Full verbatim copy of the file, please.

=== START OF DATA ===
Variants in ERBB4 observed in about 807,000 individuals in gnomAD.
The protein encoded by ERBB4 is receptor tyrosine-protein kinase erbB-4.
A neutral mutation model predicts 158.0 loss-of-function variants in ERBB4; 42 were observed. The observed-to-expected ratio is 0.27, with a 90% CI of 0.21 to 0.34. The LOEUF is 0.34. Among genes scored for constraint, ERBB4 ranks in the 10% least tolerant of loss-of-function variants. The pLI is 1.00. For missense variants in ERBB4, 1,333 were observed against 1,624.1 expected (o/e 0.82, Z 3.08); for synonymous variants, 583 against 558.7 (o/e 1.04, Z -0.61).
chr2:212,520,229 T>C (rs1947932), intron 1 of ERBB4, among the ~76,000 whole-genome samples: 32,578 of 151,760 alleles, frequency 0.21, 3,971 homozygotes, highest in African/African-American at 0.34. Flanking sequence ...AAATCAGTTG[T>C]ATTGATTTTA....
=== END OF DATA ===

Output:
Variants in ERBB4 observed in about 807,000 individuals in gnomAD.
The protein encoded by ERBB4 is receptor tyrosine-protein kinase erbB-4.
A neutral mutation model predicts 158.0 loss-of-function variants in ERBB4; 42 were observed. The observed-to-expected ratio is 0.27, with a 90% CI of 0.21 to 0.34. The LOEUF is 0.34. Among genes scored for constraint, ERBB4 ranks in the 10% least tolerant of loss-of-function variants. The pLI is 1.00. For missense variants in ERBB4, 1,333 were observed against 1,624.1 expected (o/e 0.82, Z 3.08); for synonymous variants, 583 against 558.7 (o/e 1.04, Z -0.61).
chr2:212,520,229 T>C (rs1947932), intron 1 of ERBB4, among the ~76,000 whole-genome samples: 32,578 of 151,760 alleles, frequency 0.21, 3,971 homozygotes, highest in African/African-American at 0.34. Flanking sequence ...AAATCAGTTG[T>C]ATTGATTTTA....